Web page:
After over a decade of helping home owners navigate complicated title problems, I began wondering: how would I guide someone on how to do your own title search?
Performing a title search and solving title problems becomes a complex matter quickly, but being able to do a preliminary title search empowers home owners and real estate professionals by giving them insight towards potential problems.
By understanding what is involved in a title search and performing the basics on your own, you can begin to understand what steps to take to get to a clear title.
Before we jump into these tips, we have a disclaimer:
Doing your own title search involves some complicated steps, and if you’re unfamiliar with the process we always recommend working with a specialist. That said, the steps below can be used to guide both newbies and experienced real estate professionals.
With that, let’s jump in.
Why Do You Need A Title Search?
When you purchase a house or land, an important step involves making sure the property is free from defect and that the title is “clear”. A clear title means that the ownership of the property is clear or unquestionable. Unclear title means that there is some kind of problem with the title and a lack of clarity on who owns the property and has rights to it.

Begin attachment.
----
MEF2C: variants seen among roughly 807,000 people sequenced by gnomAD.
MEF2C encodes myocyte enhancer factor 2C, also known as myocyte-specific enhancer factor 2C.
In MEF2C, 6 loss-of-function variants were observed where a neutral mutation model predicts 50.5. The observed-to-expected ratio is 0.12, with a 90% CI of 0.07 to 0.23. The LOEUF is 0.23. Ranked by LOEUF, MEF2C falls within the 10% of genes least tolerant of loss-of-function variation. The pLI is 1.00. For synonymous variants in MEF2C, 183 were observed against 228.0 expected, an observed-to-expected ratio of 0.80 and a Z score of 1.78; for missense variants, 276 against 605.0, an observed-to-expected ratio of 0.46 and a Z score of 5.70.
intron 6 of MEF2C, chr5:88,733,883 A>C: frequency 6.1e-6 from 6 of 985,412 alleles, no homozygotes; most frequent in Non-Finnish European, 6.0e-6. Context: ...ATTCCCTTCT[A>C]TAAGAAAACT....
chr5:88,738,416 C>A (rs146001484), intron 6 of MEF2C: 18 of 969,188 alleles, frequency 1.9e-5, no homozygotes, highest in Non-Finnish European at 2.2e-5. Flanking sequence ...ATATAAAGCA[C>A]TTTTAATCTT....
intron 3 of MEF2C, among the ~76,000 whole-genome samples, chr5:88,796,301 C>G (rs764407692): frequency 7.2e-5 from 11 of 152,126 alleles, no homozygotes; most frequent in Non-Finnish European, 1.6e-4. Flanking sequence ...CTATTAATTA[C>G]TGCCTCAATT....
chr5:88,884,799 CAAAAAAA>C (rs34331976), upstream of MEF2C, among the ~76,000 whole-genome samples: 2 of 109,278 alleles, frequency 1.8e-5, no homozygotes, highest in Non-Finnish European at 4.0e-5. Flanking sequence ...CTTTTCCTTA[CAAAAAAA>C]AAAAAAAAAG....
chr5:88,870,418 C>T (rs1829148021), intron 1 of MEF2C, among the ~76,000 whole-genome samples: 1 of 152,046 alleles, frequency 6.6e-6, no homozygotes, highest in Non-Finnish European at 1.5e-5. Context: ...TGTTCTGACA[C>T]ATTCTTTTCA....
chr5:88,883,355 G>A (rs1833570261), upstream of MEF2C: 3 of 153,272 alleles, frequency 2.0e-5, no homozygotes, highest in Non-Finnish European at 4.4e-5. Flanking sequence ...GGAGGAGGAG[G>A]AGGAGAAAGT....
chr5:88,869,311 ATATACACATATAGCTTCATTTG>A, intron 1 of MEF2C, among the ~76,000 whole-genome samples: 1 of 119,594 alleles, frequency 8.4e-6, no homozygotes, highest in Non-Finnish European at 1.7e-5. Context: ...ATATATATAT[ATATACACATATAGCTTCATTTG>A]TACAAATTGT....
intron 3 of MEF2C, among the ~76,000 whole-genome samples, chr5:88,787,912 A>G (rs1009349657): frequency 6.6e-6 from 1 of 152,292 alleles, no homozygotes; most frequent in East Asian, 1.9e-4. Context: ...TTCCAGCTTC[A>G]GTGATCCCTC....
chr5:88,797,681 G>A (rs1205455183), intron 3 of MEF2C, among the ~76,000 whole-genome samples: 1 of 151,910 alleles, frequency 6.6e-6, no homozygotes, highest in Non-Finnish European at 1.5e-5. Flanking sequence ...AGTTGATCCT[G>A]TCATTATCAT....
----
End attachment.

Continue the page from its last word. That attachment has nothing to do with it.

The purpose of a title search is to verify who owns and has rights to a property. Most commonly people research title during a home sale transaction.
No one wants to buy a house they can’t own…
Some people attempt to sell property thinking they have clear title, when, in reality, there is a problem with the ownership history. For example, a person inherits a piece of real estate from his or her parents, but never files the proper paperwork that would establish the recipient’s legal rights to the property. Technically, the recipient in this case has no right to sell the property, because he or she does not have clear title. If there are any problems in the title history of a piece of property, the current owner could have quite a mess. -CourthouseDirect.com
What Is A Title Search?
When someone wants to purchase a property, they should always verify that the title is clear and the property ownership is unquestionable. A title search verifies that no “break in the chain of title” exists. A break in the chain of title occurs when there is missing or inaccurate ownership information, during the history of the property.
Additionally, a seller may claim to own a property, but have liens (such as a mortgage) or other debt attached to the house preventing them from having clear title.
Doing a title search is one of the most important aspects of buying a property, since a seller can’t legally sell a property they don’t own.
So, your goal when doing title research is to make sure you can easily trace the property’s ownership over time through a paper trail of records.
How To Do Your Own Title Search
Visit The Courthouse Or Assessor’s Records
This method of title research is time consuming, but its also free. To find assessor and property tax records resources by state, go here.
In order to get started, make sure you know the street address for the property in question.